I would definately recommend a babymoon (or a 'whatevermoon') to anyone. Any chance to focus on one another, and spend lots of cuddle time, should be taken. However, this trip was not the same as others we have taken because the baby has already changed us. The way we travel is different (I'm a lot slower, and can carry way less luggage!) as is the way we relate. We talk about the baby and what it will be like to have him so much that he is already a part of our couple: our twosome is becoming a threesome. I miss the old 'us' in some ways, but the new 'us' is so much more: fuller, richer, happier, and more scared. Trepidation and elation are both present, and there is no-one that I want to experience this with more than Greg. The real journey was not our babymoon -great as that was- but our journey towards parenthood, together.

Monday, November 1, 2010

Little Luxembourg and Tiny Trier

November 1st is a long weekend in France, and my husband is not one to 'waste' a long order to add another country to his life list (he's up to 29) he cooked up the idea of a driving weekend, to Luxembourg. But a colleague had told him that Luxembourg was actually pretty boring, and suggested we stay a mere half hour away in the German town of Trier. And so, "Ka" rented (the car was honestly called a Ford Ka) off we went.

We like driving holidays. Its nice to be your own man (woman), hit the road, go where the spirit takes you. Especially since we are no longer Ka owners (Ok I will stop) its a treat to drive. Despite drizzly weather, we were thrilled to see beautiful fall foliage to rival the Gatineaus back home. The colors of the leaves, hills and countryside were truly stupendous, and reminded us how good it is to get out of the city.

And we believe small is beautiful. Take Luxembourg, for example. We arrived quite late (I admit I spent a good part of the day shopping at Ikea...but you have to take full advantage when you've got a car!) so we simply parked and headed out for a stroll. The air was evening crisp, and the sun was just going down. Spread below us like a lovely carpert was a deep gully that had been made into a park. Stone walls rose up from this, watched over by the city itself. At night this gorge was equally stunning due to atmospheric lighting. We explored the local church (burnt, bombed and rebuilt many times) and had dinner in a more than passable Mexican restaurant (these are rare in Paris, so we took a chance...and it was very good! No translations needed on the menu!) Luxembourg has spent much of its history being occupied (by France, Germany and Belgium) and stripped of its lands (same countries) but remains a fiercly independent little duchy. Greg's buddy was partly right-there isn't much to 'see' per se- and yet Luxembourg is a lovely little place to visit for a short stint.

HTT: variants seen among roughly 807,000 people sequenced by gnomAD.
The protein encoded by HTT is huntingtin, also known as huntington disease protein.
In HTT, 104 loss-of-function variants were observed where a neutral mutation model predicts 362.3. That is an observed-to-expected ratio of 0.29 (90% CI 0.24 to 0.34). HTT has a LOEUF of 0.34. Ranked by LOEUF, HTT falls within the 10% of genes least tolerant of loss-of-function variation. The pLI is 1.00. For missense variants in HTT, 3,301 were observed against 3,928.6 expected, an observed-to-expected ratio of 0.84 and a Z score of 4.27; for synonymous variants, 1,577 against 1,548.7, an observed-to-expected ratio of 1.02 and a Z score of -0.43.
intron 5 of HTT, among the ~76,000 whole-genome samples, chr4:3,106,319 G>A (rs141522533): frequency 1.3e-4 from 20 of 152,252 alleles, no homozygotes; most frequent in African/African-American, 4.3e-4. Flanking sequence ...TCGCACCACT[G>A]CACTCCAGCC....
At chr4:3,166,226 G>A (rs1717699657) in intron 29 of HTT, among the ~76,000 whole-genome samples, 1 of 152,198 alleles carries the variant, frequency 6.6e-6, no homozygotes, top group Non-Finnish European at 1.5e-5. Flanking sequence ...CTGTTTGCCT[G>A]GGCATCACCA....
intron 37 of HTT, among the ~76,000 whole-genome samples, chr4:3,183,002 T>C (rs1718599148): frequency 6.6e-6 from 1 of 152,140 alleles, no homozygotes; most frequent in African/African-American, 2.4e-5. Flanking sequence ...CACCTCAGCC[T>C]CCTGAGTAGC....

We went on to Trier that same night, checking into our hotel quite late. The only room left had been smoked in (despite the non smoking policy) which really doesn't work for pregnant asthmatics, so the kindly proprietor found us another a handicapped suite! This room was rather dorm like, and there was a seat in the shower (which was actually quite handy for me) as well as power lift beds (woohoo!) ...however the full on German breakfast the next morning more than made up for the oddness of the accomadations.

As the seat of the Roman Empire for several years, Trier has an amazing amount of history for such a small place. We looked at Ponto Negra, the largest Roman city gate in the world; the oldest building in Germany (oddly painted in a Moroccan style which was fashionable at the time) and Emperor Constantine's Throne Room (the only intact room in the world from Roman times, and still in use today as a church). There was lots of charming traditional architecture, and a delicious lunch spot for German sausage and spatzle for lunch. Greg went to look at Karl Marx's birthplace while Meg shopped a bit, and then we hopped in the Ka for the drive home, appreciating again how good things come in small towns.

P.S. Greg wants me to mention specifically that we drive through 4 countires in one day: France, Belgium, Luxembourg and Germany......this is a pretty neat thing for people from Canada, where you can barely cover one province in a day!